My love life, if you can even call it that, has been the intrigue of my two brothers for some time. This is mostly due to my refusal to talk about it (I’m both a private person and a bit of a prude), but they constantly try. It wasn’t until we were at a family event that I shared my most recent romantic endeavors: I was ghosting two different guys for two very different reasons.
The first guy accidentally turned the one-night stand into two nights. The entire thing was fine with a capital F, I simply had no interest in seeing him again.
The second had a girlfriend. That was over before it even began.
It was information that I shared knowing my brothers would never meet these men. They were no longer in my DMs, not for lack of trying on their parts. Of course, it was then that my older brother raised a rather annoying question: if I’m ghosting these guys, am I actually talking to anyone?
This question irked me. Partly because it was my brother asking, and partly because, no, I wasn’t “talking” to anyone. In fact, I’ve always hated the concept of “talking.”
The thing is, I enjoy concretes. You’re either a cat person or you’re not. You either like long walks on the beach or you don’t. You’re either dating or you’re not. Simple, straightforward, black and white.
Granted, gray areas can be fun. There should be a fluid line of what’s an acceptable outfit for class and what ice cream is the best because those are opinions that involve you and only you. If I wear a ballgown to my 9 a.m., it does not affect anyone else. The second I tell you that you aren’t allowed to wear sweatpants though, that’s over the line.
Gray is good when it can exist as both a black in your mind and a white in someone else’s. For example, peanut butter. It’s my favorite food group (black). But my brother is allergic (white). A situation that is completely fine. Gray isn’t okay when it can only exist as either a black or white. For instance, if we only bought peanut butter to survive on during the quarantine, one of us would get to eat and the other would go hungry.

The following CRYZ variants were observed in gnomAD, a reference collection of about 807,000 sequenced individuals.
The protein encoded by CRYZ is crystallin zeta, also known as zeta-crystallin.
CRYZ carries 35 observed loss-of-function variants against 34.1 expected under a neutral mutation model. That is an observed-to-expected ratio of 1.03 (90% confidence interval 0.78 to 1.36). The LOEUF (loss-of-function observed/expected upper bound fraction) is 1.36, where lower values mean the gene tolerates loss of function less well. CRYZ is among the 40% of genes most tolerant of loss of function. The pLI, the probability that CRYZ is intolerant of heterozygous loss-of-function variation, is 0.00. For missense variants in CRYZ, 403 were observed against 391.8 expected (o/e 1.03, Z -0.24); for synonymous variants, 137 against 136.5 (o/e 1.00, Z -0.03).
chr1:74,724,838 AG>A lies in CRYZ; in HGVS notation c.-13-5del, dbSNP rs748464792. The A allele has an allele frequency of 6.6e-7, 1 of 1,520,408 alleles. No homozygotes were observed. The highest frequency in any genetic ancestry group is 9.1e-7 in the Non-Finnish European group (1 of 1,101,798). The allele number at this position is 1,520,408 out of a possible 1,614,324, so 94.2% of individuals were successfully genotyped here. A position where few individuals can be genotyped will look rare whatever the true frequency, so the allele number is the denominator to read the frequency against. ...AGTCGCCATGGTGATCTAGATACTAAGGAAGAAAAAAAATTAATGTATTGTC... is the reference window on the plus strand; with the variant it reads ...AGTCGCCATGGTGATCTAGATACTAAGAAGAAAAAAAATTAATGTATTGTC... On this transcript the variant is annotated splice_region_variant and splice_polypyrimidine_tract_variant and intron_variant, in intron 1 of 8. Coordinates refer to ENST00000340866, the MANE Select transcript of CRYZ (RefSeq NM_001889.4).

But, back to my argument. Talking is not defined, it’s a societal gray. Worse, it means something different to everyone. If I think we’re talking, you may think of me as a fling. If you think we’re talking, we might be. Or I might be telling my friends, “He HAS to stop texting me, it’s just creepy at this point.”
“Talking” is a socially acceptable way to put off defining any form of relationship, which is fine, so long as you both are aware of it.
The issue I have is that talking, more often than not, exists in a vacuum. One person is so sure that this situationship is going to turn into something, and the other has no intention of ever being more than a hookup. Neither is bad, but the defining part is the thing that matters.
There’s a chance that you are part of the group that enjoys this ambiguity. You may find it fun to be talking to multiple people at once. Maybe you like that undefined stage where you’re exploring all of your options or just don’t want to commit. Great! But, let me ask you this: do the people you’re talking to know that you’re keeping your options open?
If they do, this paragraph is not for you. If they don’t, if that person thinks they are the sole receiver of your flirty texts and is the only one who can truly capture your heart, that is the issue. When you define your own situation without telling your other half (or third, or fourth) what you’re doing, that’s the bad type of gray area.
So let’s go back to the question at hand: “Am I actually talking to anyone?”
The answer I’ve set myself up for is “no.”
This is less about whether everyone should be in defined relationships and more about giving real names to whatever it is you’re doing. If you like having a few things going at once, go for it, but let them know what is happening. If you want to date that person you’ve been hooking up with, tell them you want to figure it out. It can still be talking or a situationship. In fact, it can be called whatever the hell you want it to be.
Me saying I’m not talking to anyone is not because I have a “holier than thou” attitude – it takes actual guts to make it through the talking stage. Rather, I refuse to define something on my own that needs to be a collective decision.
As soon as there’s something labeled, we’ll be the first to tell you.